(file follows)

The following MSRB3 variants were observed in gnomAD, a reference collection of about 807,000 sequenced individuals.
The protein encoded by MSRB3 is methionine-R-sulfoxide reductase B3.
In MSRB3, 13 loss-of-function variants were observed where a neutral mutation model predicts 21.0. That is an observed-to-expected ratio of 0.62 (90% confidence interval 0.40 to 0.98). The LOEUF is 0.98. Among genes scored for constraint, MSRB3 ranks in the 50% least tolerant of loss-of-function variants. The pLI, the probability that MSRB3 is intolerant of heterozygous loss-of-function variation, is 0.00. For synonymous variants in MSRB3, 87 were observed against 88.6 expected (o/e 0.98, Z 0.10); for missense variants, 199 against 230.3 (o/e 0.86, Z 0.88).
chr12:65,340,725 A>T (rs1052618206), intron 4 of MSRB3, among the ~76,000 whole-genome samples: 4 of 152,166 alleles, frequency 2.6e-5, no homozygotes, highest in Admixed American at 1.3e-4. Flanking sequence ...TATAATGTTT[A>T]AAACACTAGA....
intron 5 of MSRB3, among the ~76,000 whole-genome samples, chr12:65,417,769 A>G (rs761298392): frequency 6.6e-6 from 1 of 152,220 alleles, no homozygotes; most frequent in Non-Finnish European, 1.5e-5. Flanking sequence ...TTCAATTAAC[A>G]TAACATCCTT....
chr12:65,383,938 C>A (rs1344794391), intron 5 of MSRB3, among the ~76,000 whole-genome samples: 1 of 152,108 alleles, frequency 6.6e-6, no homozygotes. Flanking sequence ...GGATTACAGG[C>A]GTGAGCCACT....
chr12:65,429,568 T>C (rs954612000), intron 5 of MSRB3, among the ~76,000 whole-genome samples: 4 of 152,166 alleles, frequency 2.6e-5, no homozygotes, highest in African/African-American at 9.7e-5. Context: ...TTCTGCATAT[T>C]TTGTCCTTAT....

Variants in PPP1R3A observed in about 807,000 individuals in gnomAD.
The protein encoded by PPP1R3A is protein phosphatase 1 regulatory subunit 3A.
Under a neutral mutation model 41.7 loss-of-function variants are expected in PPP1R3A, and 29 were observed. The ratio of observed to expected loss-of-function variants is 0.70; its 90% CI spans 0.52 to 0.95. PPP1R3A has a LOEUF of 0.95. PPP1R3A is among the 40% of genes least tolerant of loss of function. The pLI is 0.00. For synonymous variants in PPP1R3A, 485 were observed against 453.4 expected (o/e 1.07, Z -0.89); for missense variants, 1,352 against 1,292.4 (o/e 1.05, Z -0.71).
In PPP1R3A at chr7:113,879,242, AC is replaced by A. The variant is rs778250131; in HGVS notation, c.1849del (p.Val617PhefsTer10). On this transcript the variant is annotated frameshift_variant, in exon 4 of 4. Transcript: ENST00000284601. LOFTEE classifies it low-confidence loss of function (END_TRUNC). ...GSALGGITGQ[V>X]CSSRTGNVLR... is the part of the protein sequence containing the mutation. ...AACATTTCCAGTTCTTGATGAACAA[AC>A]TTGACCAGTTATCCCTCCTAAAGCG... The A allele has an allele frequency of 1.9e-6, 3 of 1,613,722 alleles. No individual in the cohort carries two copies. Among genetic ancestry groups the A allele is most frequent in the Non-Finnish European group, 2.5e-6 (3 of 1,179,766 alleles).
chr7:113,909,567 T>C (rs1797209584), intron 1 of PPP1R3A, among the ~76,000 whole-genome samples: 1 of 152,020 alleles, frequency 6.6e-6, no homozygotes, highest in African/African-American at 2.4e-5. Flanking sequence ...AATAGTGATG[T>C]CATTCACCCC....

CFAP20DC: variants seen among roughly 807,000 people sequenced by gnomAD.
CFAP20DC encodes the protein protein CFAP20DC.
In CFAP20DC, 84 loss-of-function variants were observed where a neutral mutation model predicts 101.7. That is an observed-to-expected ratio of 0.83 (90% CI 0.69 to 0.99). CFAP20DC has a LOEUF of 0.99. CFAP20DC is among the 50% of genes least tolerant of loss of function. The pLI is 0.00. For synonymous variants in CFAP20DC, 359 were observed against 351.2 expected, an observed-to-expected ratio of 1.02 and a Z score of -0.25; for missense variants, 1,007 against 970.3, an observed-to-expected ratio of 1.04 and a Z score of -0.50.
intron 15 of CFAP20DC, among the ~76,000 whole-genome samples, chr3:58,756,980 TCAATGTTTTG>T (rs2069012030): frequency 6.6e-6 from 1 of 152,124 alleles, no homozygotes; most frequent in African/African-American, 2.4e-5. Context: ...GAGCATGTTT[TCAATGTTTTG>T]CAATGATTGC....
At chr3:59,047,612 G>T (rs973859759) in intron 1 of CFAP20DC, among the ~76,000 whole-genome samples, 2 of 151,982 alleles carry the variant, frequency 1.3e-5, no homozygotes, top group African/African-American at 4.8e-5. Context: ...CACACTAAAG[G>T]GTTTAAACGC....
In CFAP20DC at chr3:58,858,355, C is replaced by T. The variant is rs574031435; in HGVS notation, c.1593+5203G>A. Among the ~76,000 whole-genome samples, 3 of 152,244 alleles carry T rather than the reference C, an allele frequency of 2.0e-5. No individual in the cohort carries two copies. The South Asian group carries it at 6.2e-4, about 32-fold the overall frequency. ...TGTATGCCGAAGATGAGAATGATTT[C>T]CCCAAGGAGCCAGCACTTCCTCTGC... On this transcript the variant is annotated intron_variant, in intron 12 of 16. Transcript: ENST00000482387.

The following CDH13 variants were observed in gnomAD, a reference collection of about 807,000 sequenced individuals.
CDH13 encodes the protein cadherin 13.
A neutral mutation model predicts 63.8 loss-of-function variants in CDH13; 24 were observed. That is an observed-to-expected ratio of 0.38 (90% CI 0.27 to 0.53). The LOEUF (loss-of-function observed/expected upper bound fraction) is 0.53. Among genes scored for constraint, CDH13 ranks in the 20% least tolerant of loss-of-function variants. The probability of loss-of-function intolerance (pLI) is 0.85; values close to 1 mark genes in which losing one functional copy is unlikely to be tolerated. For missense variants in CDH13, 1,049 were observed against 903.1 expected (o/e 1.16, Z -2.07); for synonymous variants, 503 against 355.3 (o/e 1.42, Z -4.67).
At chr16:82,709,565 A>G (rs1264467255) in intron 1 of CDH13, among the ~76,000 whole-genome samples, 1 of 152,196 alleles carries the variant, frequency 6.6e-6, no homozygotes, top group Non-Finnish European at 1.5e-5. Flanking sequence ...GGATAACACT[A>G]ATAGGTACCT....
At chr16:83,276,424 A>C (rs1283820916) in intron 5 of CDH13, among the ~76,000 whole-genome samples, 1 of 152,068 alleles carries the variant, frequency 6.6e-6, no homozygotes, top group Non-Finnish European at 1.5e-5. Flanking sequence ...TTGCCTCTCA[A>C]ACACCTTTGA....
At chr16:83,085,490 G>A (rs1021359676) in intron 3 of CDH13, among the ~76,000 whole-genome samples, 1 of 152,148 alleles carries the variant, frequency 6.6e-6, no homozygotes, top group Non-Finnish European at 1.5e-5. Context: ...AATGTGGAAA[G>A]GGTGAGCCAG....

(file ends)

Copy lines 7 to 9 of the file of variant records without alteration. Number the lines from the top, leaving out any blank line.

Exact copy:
chr12:65,429,568 T>C (rs954612000), intron 5 of MSRB3, among the ~76,000 whole-genome samples: 4 of 152,166 alleles, frequency 2.6e-5, no homozygotes, highest in African/African-American at 9.7e-5. Context: ...TTCTGCATAT[T>C]TTGTCCTTAT....

Variants in PPP1R3A observed in about 807,000 individuals in gnomAD.
The protein encoded by PPP1R3A is protein phosphatase 1 regulatory subunit 3A.